Economic activity in the Eighth District expanded modestly since our previous survey. Reports from manufacturing continued to be positive and contacts indicated that the services sector continued to grow. Reports from contacts in residential real estate markets were mixed; similarly, commercial real estate market conditions varied across the District. Total loans at a sample of small and mid-sized District banks increased slightly from mid-June to the end of August.
Manufacturing activity in the District continued to expand since our previous survey. Several manufacturers reported plans to open plants and expand operations in the near future, while a smaller number of contacts reported plans to close plants and reduce operations. Firms in the biofuel and fabricated metal product industries reported plans to open new facilities in the District. Contacts in the machinery, food, furniture, and miscellaneous industries reported plans to expand existing facilities and operations. Firms in the nonmetallic mineral and paper product industries reported plans to hire additional workers. In contrast, contacts in the motor vehicle parts industry reported plans to lay off workers and decrease operations, and a firm in the computer equipment industry announced that it will close a plant in the District.
The District's services sector continued to expand. Firms in the freight transportation, recreation, and professional business services industries reported plans to build new facilities and expand operations. In contrast, a firm in the business support services industry reported plans to close a facility in the District. Car dealers in the District reported that sales from late August through early September were down, on average, over year-earlier levels. Sales of domestic cars and sport utility vehicles were particularly slow.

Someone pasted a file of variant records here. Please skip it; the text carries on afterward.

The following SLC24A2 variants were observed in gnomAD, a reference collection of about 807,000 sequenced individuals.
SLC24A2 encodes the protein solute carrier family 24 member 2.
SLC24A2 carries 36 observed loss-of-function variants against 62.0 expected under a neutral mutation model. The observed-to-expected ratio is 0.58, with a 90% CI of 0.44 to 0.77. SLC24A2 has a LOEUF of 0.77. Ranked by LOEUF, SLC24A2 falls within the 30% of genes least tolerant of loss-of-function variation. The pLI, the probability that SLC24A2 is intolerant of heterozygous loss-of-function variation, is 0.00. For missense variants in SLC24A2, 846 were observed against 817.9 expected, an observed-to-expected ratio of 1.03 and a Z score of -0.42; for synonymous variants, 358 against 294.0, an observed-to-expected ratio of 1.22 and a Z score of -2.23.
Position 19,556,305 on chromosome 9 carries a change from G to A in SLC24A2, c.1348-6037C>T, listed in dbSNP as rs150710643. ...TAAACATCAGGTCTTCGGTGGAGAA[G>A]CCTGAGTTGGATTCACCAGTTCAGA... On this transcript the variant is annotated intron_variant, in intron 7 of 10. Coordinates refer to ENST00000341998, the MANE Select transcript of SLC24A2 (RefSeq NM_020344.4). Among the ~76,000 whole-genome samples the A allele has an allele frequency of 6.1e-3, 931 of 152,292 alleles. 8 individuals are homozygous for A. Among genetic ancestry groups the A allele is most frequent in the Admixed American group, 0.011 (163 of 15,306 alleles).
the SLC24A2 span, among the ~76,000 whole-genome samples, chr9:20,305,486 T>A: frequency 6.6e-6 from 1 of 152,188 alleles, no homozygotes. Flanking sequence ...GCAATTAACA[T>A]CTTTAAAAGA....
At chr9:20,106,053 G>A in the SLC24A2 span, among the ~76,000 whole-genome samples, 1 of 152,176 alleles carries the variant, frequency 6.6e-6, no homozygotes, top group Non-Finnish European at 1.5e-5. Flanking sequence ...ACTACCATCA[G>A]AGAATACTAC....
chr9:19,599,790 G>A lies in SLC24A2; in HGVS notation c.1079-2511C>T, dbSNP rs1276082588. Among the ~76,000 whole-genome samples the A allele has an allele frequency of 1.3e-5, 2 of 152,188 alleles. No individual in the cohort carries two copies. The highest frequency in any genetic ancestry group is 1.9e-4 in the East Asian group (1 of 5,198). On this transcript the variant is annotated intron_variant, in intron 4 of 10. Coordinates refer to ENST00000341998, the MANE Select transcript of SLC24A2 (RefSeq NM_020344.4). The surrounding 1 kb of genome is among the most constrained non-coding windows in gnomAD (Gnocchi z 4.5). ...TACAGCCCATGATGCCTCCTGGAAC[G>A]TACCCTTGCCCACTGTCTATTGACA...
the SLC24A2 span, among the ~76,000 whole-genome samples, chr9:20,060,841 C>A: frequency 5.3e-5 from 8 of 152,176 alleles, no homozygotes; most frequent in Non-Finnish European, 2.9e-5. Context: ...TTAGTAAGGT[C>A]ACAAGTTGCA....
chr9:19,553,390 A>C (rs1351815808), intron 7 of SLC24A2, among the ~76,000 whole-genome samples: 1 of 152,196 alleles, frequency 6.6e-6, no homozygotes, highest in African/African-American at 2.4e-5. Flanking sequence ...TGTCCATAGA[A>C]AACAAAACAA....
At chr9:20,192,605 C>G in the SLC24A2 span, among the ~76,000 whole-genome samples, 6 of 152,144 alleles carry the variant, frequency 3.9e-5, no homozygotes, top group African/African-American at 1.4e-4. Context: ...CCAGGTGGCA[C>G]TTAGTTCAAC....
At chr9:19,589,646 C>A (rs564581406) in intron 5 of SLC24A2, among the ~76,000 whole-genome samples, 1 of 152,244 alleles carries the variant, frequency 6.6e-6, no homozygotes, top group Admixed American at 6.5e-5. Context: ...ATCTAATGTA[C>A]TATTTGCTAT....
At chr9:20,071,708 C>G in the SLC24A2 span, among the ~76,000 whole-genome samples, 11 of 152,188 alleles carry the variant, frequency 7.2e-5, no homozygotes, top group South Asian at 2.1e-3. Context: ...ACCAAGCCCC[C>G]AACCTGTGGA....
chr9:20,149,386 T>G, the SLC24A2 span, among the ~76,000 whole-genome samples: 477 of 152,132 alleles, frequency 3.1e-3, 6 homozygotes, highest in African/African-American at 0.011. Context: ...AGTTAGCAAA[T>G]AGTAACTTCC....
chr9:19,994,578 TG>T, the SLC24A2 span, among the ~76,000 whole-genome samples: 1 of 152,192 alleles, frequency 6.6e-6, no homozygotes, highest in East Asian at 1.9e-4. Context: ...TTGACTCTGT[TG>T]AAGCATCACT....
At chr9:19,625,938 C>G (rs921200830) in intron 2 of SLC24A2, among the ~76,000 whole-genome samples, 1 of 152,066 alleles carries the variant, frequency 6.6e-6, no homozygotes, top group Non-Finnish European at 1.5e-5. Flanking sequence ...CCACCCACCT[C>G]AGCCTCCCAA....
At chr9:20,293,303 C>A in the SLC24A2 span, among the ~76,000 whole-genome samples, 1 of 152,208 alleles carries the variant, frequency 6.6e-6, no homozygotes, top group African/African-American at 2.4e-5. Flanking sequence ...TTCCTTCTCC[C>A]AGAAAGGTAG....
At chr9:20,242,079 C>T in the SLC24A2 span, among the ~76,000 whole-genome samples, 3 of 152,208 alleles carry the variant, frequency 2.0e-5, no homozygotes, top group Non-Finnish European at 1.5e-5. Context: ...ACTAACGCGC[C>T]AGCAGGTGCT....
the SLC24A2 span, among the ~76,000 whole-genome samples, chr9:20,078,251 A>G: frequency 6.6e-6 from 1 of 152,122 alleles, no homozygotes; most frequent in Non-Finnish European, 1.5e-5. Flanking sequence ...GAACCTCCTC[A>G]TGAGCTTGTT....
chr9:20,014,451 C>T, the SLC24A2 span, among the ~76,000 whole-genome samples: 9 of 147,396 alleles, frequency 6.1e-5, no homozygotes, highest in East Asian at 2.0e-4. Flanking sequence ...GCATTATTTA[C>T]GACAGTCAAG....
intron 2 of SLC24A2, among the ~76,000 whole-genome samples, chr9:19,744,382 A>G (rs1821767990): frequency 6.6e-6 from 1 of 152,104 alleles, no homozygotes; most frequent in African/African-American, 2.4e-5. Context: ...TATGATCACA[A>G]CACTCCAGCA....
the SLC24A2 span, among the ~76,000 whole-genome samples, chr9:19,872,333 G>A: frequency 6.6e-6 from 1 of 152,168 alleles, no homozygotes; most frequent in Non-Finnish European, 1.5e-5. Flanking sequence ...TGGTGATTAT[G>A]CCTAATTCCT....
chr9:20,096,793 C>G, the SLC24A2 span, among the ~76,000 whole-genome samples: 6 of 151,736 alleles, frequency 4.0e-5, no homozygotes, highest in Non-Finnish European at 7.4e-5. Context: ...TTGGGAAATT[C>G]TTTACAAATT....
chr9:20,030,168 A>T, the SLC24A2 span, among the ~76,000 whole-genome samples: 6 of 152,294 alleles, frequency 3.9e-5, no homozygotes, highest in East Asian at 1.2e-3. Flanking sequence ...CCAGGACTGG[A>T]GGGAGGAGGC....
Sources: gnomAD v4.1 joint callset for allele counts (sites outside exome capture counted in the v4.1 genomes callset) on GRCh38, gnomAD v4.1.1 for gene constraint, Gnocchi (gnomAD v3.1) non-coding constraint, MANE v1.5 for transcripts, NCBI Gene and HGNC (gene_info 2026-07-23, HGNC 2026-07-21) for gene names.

August year-to-date home sales were mixed throughout the Eighth District. Home sales increased 11 percent in Memphis and were relatively unchanged in Louisville compared with the same period in 2005. August year-to-date home sales declined about 2 percent in both St. Louis and Little Rock. Residential construction remained weak throughout the District. August year-to-date single-family housing permits were down in nearly every metro area. Compared with the same period last year, permits fell 34 percent in Louisville, 21 percent in greater St. Louis, 11 percent in Memphis, and 8 percent in Little Rock. Permits, however, increased 12 percent in Jackson, Tennessee, and 2 percent in Fayetteville, Arkansas.
Commercial real estate market conditions continued to be mixed throughout the District. In Little Rock, the second-quarter 2006 industrial vacancy rate increased slightly, the downtown office vacancy rate decreased, and the suburban office vacancy rate increased. Contacts in east Memphis reported high demand for Class A office space. Contacts in Little Rock reported that several large construction projects are expected or underway. Contacts in northeast Arkansas reported that commercial building remains slow, while contacts in Madison County, Tennessee, reported that commercial construction is booming. In St. Louis, contacts reported that new industrial construction is vibrant.
Total loans outstanding at a sample of small and mid-sized District banks showed a modest increase of 0.6 percent from mid-June to the end of August. Real estate lending, which accounts for 71.9 percent of total loans, increased 0.4 percent. Commercial and industrial loans, accounting for 18.0 percent of total loans, increased 1.1 percent. Loans to individuals, accounting for 4.3 percent of total loans, fell 0.7 percent. All other loans, roughly 5.8 percent of total loans, increased 1.8 percent. Over this period, total deposits at these banks increased 1.4 percent.
Ample rainfall in much of the District since August slowed harvesting progress in some areas. The District's overall corn harvest is behind its average pace by 14 percent because of slower-than-normal paces in Illinois, Indiana, and Kentucky; the soybean harvest is behind by 20 percent because of slower-than-normal paces in Illinois, Indiana, Kentucky, and Missouri; and the sorghum harvest is behind by 4 percent because of the slower-than-normal pace in Illinois. In contrast, the cotton harvest in Arkansas and Mississippi is ahead of its normal pace by 88 percent, while the rice harvest is ahead by 12 percent. The rain improved pasture conditions in all District states, but at least one-third of the pastures in Arkansas, Mississippi, Missouri, and Tennessee still remain in poor condition.